I/O (Input/Output) commonly refers to the data points of a PLC. Specifically, the input and output wires of a PLC are directly connected to a nearby machine. Usually Ignition will interact with other memory locations in the PLC, but sometimes users want to see the exact value coming from a machine.
Ignition software started as a SCADA/HMI application. Built by Inductive Automation, Ignition has grown to become a universal platform for industrial automation. With one server license you can seamlessly connect your data, design an industrial application, and instantly web-deploy unlimited clients. Ignition interacts with PLCs, logs data, manages alarms and notifications, creates reports, interfaces with databases, and much more.
Inductive Automation is the company that created Ignition. We started from Integrator roots and built our software to be as easy to use and powerful as possible. We strive to make our software fit every need, and love to hear from you about how we are doing. If you have an idea about how we can improve, check out ideas.inductiveautomation.com to let us know.
Industrial control system is a general term that refers to several types of control systems used in industrial production, including Supervisory Control and Data Acquisition (SCADA) systems and smaller control system configurations such as programmable logic controllers (PLC) often found in the industrial and critical infrastructures.
An Integrator is a person or company who specializes in integrating control systems into manufacturing processes. Integrators are the heart of Inductive Automation; they are the ones called on to create an Ignition project in a facility or expand existing systems.
Iterating through a list of items means stepping through them one at a time. The iterator is the object (usually a variable) that is holding the current item as you step through the list. You often hear these terms when talking about loops in scripting.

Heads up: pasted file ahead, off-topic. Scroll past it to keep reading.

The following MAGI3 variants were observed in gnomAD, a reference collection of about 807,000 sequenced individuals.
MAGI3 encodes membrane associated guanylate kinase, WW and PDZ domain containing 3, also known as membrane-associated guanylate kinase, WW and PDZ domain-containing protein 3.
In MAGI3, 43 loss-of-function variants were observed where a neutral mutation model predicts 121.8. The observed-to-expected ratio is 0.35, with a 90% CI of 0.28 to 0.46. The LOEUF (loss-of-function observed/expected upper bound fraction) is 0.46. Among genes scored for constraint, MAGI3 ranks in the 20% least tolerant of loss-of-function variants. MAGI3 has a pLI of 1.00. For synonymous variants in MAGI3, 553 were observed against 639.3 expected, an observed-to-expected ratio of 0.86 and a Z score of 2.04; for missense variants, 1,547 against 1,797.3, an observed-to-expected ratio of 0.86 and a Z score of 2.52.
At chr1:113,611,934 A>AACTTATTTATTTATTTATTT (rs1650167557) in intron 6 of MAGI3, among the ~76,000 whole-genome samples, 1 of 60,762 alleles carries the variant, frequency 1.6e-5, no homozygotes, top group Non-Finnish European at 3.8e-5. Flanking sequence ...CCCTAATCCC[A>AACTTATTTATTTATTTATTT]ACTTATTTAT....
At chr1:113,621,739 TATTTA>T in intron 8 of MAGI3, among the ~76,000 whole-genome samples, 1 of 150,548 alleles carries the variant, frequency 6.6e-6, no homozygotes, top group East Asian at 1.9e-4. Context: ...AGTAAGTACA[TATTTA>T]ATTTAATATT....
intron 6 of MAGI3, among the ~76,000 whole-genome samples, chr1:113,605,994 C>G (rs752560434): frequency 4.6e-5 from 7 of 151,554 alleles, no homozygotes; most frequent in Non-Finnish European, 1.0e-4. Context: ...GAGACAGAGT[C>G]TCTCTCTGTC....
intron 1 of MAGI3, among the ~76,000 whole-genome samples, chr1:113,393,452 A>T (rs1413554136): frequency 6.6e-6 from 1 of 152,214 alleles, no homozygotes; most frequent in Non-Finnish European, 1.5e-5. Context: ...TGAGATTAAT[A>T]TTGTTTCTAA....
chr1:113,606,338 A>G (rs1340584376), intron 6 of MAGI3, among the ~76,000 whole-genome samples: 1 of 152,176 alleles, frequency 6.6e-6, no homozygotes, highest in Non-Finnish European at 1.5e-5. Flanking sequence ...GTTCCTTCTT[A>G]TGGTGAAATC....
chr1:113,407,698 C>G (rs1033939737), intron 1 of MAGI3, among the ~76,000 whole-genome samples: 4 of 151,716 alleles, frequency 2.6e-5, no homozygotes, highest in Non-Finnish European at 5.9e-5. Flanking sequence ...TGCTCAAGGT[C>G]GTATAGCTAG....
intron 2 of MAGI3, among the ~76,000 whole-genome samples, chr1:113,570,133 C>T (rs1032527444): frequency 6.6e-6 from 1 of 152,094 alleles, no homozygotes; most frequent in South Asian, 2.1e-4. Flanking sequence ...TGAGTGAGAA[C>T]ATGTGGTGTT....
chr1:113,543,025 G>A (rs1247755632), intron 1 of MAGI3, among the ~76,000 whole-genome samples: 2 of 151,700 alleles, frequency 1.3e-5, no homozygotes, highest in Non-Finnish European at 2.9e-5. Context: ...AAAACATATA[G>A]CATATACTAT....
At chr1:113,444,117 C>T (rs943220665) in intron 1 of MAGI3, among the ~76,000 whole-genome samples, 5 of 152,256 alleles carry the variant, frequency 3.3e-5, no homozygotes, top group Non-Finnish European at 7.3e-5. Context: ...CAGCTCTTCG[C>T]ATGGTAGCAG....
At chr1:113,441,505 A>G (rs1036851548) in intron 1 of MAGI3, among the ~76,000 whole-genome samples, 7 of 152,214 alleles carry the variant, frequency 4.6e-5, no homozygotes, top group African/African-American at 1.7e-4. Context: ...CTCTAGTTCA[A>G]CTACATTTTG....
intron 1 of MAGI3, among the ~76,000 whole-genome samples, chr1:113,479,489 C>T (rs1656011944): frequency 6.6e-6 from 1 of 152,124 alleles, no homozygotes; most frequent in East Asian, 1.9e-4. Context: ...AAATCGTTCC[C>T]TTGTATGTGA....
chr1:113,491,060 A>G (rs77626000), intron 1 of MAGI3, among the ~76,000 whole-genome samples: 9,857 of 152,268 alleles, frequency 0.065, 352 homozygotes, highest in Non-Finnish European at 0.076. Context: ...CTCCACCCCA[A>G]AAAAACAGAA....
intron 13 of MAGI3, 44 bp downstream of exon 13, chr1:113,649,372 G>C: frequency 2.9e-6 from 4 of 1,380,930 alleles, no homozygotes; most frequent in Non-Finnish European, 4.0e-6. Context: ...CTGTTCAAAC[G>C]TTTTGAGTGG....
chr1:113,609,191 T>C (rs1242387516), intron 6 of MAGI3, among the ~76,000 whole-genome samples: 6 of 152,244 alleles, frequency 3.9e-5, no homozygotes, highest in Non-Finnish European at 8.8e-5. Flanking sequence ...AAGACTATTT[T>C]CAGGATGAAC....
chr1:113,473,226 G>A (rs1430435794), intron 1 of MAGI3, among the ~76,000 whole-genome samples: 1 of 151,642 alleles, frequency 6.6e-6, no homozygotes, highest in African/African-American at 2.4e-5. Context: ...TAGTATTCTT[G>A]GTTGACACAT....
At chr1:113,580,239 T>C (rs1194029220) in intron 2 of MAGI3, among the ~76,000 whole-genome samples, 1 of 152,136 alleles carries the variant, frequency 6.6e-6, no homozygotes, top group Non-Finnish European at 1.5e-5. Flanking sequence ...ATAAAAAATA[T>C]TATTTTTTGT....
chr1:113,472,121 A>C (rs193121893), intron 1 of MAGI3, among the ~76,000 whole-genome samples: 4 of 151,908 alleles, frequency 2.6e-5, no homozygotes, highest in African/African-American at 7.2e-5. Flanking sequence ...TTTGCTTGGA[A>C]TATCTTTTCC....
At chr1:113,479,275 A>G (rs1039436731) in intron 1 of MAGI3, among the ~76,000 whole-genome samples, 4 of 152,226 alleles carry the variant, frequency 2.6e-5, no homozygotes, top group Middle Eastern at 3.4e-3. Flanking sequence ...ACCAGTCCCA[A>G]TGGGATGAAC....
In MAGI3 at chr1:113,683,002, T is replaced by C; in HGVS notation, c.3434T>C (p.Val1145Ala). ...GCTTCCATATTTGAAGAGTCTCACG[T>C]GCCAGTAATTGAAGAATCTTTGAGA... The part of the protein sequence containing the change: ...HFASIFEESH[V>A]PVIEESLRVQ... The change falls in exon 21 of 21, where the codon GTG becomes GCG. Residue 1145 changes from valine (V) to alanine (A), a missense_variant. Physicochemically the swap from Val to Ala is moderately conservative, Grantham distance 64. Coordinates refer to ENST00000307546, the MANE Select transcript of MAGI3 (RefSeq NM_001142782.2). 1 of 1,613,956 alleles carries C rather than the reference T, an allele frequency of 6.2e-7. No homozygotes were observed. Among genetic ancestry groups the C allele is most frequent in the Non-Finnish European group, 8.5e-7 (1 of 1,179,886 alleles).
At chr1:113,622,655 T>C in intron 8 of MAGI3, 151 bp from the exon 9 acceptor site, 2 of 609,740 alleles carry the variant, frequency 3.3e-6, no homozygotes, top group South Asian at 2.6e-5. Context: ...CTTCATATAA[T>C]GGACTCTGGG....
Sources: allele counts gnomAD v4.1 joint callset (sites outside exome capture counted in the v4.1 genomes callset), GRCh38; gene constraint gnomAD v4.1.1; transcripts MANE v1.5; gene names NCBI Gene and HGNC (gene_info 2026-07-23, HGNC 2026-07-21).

The Internet of Things (IoT) is the network of devices, home appliances, vehicles, and other items embedded with electronics and software. The devices collect and share huge amounts of data across the Internet. With the IoT, there is more direct integration of the physical world into computer-based systems, resulting in efficiency improvements, economic benefits, and reduced human exertions. IoT involves extending Internet connectivity beyond standard devices, such as computers and smartphones, to any range of traditionally dumb or non-internet-enabled physical devices and everyday objects. Embedded with technology, these devices can communicate and interact over the Internet, and they can be remotely monitored and controlled. See also IIoT.
The Industrial Internet of Things (IIoT) is the use of Internet of Things (IoT) technologies to enhance manufacturing and industrial processes. Also known as the Industrial Internet or Industry 4.0, IIoT incorporates machine learning and big data technologies to harness the sensor data, machine-to-machine (M2M) communication and automation technologies that exist in industrial settings. One notable goal of IIoT is to create a very simple architecture where all devices are pointed in to a central data collector (like a database). This will make setting up or adding to factories very simple. See also IoT.
In math, interpolation is a method of constructing new data points within the range of a discrete set of known data points. Ignition can use interpolation in a number of places, but it is notably used in the Tag Historian query system to intelligently generate additional values when the desired number of data points is greater than the amount of data stored in the database.
An Identity Provider (IdP) offers user authentication as a service. An IdP creates, maintains, and manages identity information for principals while providing authentication services to relying party applications within a federation or distributed network. Ignition 8 integrates with existing corporate identity infrastructures that use two-factor authentication (2FA).
See Identity Provider.